6. The first contention of the appellants is that, under Entry 54, of List I of the Seventh Schedule to the Constitution, since Regulation of Mines and Minerals Development Act, 1957 occupies the field of mines and minerals covered in Section 69A of the Amendment Act, it is void and is ultra vires of the Constitution. We find no force in this contention. The State Legislature under Entry 18 (land) and Entry 23 (Regulation of Mines and mineral development) of part II of the State List of Seventh Schedule and Entry 42 of List III of the Seventh Schedule (Acquisition of Property) under which the State Legislature claims to have made the Amendment Act, we have to see whether it is well founded.
7. It is settled law of interpretation that entries in the Seventh Schedule are not powers but fields of legislation. The legislature derives its power from Article 246 and other related Articles of the Constitution. Therefore, the power to make the Amendment Act is derived not from the respective entries but under Article 246 of the Constitution. The language of the respective entries should be given the widest scope of their meaning, fairly capable to meet the machinery of the Government settled by the Constitution. Each general word should extend to all ancillary or subsidiary matters which can fairly and reasonably be comprehended in it. When the vires of an enactment is impugned, there is an initial presumption of its constitutionality and if there is any difficulty in ascertaining the limits of the legislative power, the difficulty must be resolved, as far as possible in favour of the legislature putting the most liberal construction upon the legislative entry so that it may have the widest amplitude. Burden is on the appellants to prove affirmatively of its invalidity. It must be remembered that we are interpreting the Constitution and when the court is called upon to interpret the Constitution, it must not be construed in any narrow or pedantic sense and adopt such construction which must be beneficial to the amplitude of legislative powers. The broad and liberal spirit should inspire those whose duty is to interpret the Constitution to find whether the impugned Act is relatable to any entry in the relevant List.
8. In India Cement Ltd. and Ors. v. State of Tamil Nadu and Ors. , relied on by the appellants, a bench of seven judges held that “entries in the three lists of the Seventh Schedule to the Constitution, are legislative heads or fields of legislation. These demarcate the area over which appropriate legislature can operate. It is well settled that widest amplitude should be given to the language of these entries but some of these entries in different lists or in the same list may overlap and sometimes may also appear to be in direct conflict with each other. Then, it is the duty of the court to find out its true intent and purpose and to examine a particular legislation in its pith and substance to determine whether it fits in one or the other of the Lists. The Lists are designed to define and delimit the respective areas of respective competence of the Union and the States. They neither impose any implied restriction on the legislative power conferred by Article 246 of the Constitution, nor prescribe any duty to exercise that legislative power in any particular manner. Hence, the language of the Entries should be given widest scope to find out which of the meaning is fairly capable in the set up of the machinery of the government. Each general word should be held to extend to all ancillary or subsidiary matters which can fairly and reasonably be comprehended in it. In interpreting an Entry, it would not be reasonable to impart any limitation by comparing or contrasting that Entry with any other one’s in the same list.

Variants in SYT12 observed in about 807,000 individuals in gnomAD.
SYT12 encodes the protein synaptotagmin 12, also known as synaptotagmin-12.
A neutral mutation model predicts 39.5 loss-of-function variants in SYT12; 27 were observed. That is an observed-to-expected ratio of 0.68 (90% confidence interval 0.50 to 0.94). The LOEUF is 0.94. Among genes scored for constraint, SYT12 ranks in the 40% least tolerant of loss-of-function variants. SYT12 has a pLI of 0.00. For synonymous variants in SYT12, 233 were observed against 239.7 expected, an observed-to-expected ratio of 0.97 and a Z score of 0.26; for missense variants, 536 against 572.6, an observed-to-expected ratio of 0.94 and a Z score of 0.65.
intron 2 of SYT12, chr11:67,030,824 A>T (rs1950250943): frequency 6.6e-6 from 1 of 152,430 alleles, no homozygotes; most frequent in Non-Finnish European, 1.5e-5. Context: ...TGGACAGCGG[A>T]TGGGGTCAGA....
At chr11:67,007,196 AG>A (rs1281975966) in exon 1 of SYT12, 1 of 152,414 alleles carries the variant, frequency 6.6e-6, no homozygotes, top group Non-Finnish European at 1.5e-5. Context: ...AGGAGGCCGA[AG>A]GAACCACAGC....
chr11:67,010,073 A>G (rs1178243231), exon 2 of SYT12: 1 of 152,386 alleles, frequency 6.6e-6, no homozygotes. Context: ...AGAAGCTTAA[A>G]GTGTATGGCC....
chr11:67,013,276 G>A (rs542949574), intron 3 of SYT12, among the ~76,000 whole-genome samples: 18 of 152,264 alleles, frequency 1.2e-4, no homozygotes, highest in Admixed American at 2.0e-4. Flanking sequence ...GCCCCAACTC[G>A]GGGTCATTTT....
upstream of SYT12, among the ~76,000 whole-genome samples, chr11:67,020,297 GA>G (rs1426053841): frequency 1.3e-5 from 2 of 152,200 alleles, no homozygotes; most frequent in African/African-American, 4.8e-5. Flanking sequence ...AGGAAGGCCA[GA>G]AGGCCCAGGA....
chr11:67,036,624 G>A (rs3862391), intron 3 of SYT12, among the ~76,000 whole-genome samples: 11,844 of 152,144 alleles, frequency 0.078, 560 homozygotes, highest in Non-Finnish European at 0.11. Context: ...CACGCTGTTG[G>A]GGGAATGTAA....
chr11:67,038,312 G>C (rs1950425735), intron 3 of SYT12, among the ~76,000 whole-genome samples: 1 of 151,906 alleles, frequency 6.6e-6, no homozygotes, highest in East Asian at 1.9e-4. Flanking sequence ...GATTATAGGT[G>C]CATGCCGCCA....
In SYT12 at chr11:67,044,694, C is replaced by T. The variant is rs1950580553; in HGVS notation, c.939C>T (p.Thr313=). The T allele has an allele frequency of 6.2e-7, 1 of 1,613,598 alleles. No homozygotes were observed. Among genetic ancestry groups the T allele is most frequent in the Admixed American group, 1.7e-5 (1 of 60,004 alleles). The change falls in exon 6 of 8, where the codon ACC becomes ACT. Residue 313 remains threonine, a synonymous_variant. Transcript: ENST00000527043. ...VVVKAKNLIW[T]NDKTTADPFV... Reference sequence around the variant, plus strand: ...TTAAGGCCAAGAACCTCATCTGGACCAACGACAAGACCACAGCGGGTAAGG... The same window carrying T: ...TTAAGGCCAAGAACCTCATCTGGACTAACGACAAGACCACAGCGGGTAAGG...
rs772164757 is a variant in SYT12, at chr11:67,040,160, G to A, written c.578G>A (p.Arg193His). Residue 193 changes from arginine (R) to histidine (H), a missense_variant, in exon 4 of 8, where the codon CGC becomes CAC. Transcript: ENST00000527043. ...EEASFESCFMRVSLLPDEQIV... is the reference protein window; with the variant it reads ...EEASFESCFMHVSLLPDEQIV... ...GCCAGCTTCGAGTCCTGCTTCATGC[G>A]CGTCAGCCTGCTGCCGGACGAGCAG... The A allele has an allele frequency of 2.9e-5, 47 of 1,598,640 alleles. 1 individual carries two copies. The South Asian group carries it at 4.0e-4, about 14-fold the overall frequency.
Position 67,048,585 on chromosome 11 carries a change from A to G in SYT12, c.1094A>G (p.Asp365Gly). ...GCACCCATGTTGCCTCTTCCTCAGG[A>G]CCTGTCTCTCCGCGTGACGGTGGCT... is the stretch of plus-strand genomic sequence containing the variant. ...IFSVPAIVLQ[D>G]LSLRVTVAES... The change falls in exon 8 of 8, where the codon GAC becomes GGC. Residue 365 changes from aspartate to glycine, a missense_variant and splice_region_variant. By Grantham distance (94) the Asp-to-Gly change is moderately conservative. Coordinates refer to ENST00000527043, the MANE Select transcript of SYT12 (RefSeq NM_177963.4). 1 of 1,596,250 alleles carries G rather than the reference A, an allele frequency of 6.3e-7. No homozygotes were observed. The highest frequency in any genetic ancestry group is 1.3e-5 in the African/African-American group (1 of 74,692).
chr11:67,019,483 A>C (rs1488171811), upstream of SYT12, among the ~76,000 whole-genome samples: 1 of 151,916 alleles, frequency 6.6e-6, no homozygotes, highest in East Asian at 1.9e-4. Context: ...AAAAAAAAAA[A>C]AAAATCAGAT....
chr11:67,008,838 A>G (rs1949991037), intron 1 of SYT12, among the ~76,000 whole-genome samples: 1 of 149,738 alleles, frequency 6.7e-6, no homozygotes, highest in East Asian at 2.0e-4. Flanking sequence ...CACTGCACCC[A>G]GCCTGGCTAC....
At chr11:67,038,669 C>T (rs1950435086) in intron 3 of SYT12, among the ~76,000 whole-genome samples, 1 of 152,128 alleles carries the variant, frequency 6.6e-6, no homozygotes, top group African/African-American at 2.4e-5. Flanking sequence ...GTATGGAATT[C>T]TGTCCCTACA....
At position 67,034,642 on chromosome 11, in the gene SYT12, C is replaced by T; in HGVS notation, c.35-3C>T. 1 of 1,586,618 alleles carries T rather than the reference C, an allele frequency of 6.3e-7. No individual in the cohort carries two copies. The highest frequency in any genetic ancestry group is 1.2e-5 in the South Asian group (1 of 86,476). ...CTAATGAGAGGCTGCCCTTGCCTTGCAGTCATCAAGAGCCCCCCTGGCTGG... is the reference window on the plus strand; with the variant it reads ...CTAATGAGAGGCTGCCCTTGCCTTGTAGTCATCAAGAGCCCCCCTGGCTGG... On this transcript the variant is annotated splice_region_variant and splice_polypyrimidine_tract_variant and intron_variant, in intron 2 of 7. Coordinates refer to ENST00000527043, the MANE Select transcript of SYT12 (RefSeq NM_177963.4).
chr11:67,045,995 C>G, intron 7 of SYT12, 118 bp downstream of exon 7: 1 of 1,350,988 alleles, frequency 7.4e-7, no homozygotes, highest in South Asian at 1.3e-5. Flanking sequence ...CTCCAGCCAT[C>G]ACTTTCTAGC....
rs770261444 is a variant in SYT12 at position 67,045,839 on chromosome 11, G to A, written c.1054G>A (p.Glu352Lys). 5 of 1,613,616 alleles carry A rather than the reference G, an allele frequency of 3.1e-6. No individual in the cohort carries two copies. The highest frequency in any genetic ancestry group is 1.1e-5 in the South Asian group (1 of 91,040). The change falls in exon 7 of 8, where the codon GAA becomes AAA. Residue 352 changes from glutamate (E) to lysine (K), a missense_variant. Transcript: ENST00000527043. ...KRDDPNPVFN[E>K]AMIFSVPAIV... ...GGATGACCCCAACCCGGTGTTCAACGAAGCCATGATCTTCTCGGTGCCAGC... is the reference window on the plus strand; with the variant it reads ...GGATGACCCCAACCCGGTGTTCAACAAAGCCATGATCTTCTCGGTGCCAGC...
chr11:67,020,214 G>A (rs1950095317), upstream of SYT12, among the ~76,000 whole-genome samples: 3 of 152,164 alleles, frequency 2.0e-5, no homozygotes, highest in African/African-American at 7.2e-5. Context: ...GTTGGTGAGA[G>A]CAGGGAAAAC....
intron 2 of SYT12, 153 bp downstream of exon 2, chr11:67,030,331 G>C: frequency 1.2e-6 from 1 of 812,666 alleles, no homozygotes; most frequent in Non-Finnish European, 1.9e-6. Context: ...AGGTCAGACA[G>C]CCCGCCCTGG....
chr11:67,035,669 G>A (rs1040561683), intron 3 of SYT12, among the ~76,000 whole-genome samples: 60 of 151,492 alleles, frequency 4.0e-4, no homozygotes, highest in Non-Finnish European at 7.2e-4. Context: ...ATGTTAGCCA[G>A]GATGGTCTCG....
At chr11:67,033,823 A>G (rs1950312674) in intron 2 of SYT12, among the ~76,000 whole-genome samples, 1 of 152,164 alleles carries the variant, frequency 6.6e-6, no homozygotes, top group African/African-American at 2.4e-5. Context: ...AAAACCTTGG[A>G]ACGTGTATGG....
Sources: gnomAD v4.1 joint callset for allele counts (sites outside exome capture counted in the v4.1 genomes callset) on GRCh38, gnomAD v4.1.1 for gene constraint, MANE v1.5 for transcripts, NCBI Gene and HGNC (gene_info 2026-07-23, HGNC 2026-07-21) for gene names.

9. It is in this background that one has to examine the present controve